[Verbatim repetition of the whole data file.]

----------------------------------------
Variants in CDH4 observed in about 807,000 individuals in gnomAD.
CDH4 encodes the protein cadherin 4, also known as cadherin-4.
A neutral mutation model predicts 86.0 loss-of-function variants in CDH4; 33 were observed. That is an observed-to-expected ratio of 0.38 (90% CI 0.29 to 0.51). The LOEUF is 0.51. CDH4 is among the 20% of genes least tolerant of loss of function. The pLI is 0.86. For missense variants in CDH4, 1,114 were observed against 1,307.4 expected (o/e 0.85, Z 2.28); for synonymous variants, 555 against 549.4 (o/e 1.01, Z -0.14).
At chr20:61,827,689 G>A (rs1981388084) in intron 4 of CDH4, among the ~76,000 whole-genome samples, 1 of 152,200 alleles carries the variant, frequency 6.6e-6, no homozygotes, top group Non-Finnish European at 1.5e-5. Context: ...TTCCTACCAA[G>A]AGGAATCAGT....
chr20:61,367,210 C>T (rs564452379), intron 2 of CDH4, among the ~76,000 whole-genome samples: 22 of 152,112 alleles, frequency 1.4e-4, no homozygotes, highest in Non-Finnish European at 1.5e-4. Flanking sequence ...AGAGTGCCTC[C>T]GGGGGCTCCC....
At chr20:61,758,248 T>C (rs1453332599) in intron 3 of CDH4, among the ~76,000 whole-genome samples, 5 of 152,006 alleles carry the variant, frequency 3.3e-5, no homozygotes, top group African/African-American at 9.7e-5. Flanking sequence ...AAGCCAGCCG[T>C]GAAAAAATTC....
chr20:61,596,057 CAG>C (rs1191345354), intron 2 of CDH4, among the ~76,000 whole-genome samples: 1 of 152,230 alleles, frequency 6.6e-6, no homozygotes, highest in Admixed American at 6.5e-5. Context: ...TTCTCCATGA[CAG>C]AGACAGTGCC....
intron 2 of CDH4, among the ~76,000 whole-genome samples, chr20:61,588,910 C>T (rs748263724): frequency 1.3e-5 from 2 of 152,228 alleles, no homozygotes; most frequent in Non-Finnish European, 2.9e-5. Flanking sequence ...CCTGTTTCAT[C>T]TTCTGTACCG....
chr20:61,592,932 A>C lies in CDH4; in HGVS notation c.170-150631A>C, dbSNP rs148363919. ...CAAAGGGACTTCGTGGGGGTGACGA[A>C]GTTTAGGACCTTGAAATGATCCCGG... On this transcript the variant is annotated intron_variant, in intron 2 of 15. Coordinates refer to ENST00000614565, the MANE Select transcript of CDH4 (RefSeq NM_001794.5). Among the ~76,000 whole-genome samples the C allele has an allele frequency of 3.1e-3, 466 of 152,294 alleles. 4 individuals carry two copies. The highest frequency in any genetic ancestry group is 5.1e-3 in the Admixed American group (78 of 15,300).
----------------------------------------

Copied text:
Variants in CDH4 observed in about 807,000 individuals in gnomAD.
CDH4 encodes the protein cadherin 4, also known as cadherin-4.
A neutral mutation model predicts 86.0 loss-of-function variants in CDH4; 33 were observed. That is an observed-to-expected ratio of 0.38 (90% CI 0.29 to 0.51). The LOEUF is 0.51. CDH4 is among the 20% of genes least tolerant of loss of function. The pLI is 0.86. For missense variants in CDH4, 1,114 were observed against 1,307.4 expected (o/e 0.85, Z 2.28); for synonymous variants, 555 against 549.4 (o/e 1.01, Z -0.14).
At chr20:61,827,689 G>A (rs1981388084) in intron 4 of CDH4, among the ~76,000 whole-genome samples, 1 of 152,200 alleles carries the variant, frequency 6.6e-6, no homozygotes, top group Non-Finnish European at 1.5e-5. Context: ...TTCCTACCAA[G>A]AGGAATCAGT....
chr20:61,367,210 C>T (rs564452379), intron 2 of CDH4, among the ~76,000 whole-genome samples: 22 of 152,112 alleles, frequency 1.4e-4, no homozygotes, highest in Non-Finnish European at 1.5e-4. Flanking sequence ...AGAGTGCCTC[C>T]GGGGGCTCCC....
At chr20:61,758,248 T>C (rs1453332599) in intron 3 of CDH4, among the ~76,000 whole-genome samples, 5 of 152,006 alleles carry the variant, frequency 3.3e-5, no homozygotes, top group African/African-American at 9.7e-5. Flanking sequence ...AAGCCAGCCG[T>C]GAAAAAATTC....
chr20:61,596,057 CAG>C (rs1191345354), intron 2 of CDH4, among the ~76,000 whole-genome samples: 1 of 152,230 alleles, frequency 6.6e-6, no homozygotes, highest in Admixed American at 6.5e-5. Context: ...TTCTCCATGA[CAG>C]AGACAGTGCC....
intron 2 of CDH4, among the ~76,000 whole-genome samples, chr20:61,588,910 C>T (rs748263724): frequency 1.3e-5 from 2 of 152,228 alleles, no homozygotes; most frequent in Non-Finnish European, 2.9e-5. Flanking sequence ...CCTGTTTCAT[C>T]TTCTGTACCG....
chr20:61,592,932 A>C lies in CDH4; in HGVS notation c.170-150631A>C, dbSNP rs148363919. ...CAAAGGGACTTCGTGGGGGTGACGA[A>C]GTTTAGGACCTTGAAATGATCCCGG... On this transcript the variant is annotated intron_variant, in intron 2 of 15. Coordinates refer to ENST00000614565, the MANE Select transcript of CDH4 (RefSeq NM_001794.5). Among the ~76,000 whole-genome samples the C allele has an allele frequency of 3.1e-3, 466 of 152,294 alleles. 4 individuals carry two copies. The highest frequency in any genetic ancestry group is 5.1e-3 in the Admixed American group (78 of 15,300).